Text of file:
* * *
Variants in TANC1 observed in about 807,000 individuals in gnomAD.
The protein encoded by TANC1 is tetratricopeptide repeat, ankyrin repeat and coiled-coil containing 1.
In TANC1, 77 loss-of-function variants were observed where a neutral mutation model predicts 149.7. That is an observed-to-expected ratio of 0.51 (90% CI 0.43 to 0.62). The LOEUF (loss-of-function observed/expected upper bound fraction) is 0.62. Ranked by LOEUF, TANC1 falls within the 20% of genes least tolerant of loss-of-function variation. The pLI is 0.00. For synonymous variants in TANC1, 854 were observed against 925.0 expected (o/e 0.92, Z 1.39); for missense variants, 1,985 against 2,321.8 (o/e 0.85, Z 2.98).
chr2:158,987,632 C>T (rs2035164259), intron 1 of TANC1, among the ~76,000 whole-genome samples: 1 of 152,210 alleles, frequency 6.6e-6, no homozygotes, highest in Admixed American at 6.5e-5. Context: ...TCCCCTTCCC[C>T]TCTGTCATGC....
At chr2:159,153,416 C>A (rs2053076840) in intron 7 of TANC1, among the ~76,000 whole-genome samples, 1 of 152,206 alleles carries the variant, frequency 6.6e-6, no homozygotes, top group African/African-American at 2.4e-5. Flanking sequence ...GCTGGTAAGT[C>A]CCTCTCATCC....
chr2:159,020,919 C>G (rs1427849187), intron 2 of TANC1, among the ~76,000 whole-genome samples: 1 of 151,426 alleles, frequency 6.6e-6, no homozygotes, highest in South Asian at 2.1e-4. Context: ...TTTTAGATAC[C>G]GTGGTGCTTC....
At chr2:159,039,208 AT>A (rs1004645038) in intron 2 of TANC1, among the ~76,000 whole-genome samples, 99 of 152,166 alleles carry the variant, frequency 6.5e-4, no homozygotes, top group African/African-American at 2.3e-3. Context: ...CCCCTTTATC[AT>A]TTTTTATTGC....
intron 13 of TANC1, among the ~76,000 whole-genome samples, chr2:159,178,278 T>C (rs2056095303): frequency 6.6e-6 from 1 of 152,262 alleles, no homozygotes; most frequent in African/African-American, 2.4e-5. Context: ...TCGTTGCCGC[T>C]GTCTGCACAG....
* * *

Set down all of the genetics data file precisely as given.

Variants in TANC1 observed in about 807,000 individuals in gnomAD.
The protein encoded by TANC1 is tetratricopeptide repeat, ankyrin repeat and coiled-coil containing 1.
In TANC1, 77 loss-of-function variants were observed where a neutral mutation model predicts 149.7. That is an observed-to-expected ratio of 0.51 (90% CI 0.43 to 0.62). The LOEUF (loss-of-function observed/expected upper bound fraction) is 0.62. Ranked by LOEUF, TANC1 falls within the 20% of genes least tolerant of loss-of-function variation. The pLI is 0.00. For synonymous variants in TANC1, 854 were observed against 925.0 expected (o/e 0.92, Z 1.39); for missense variants, 1,985 against 2,321.8 (o/e 0.85, Z 2.98).
chr2:158,987,632 C>T (rs2035164259), intron 1 of TANC1, among the ~76,000 whole-genome samples: 1 of 152,210 alleles, frequency 6.6e-6, no homozygotes, highest in Admixed American at 6.5e-5. Context: ...TCCCCTTCCC[C>T]TCTGTCATGC....
At chr2:159,153,416 C>A (rs2053076840) in intron 7 of TANC1, among the ~76,000 whole-genome samples, 1 of 152,206 alleles carries the variant, frequency 6.6e-6, no homozygotes, top group African/African-American at 2.4e-5. Flanking sequence ...GCTGGTAAGT[C>A]CCTCTCATCC....
chr2:159,020,919 C>G (rs1427849187), intron 2 of TANC1, among the ~76,000 whole-genome samples: 1 of 151,426 alleles, frequency 6.6e-6, no homozygotes, highest in South Asian at 2.1e-4. Context: ...TTTTAGATAC[C>G]GTGGTGCTTC....
At chr2:159,039,208 AT>A (rs1004645038) in intron 2 of TANC1, among the ~76,000 whole-genome samples, 99 of 152,166 alleles carry the variant, frequency 6.5e-4, no homozygotes, top group African/African-American at 2.3e-3. Context: ...CCCCTTTATC[AT>A]TTTTTATTGC....
intron 13 of TANC1, among the ~76,000 whole-genome samples, chr2:159,178,278 T>C (rs2056095303): frequency 6.6e-6 from 1 of 152,262 alleles, no homozygotes; most frequent in African/African-American, 2.4e-5. Context: ...TCGTTGCCGC[T>C]GTCTGCACAG....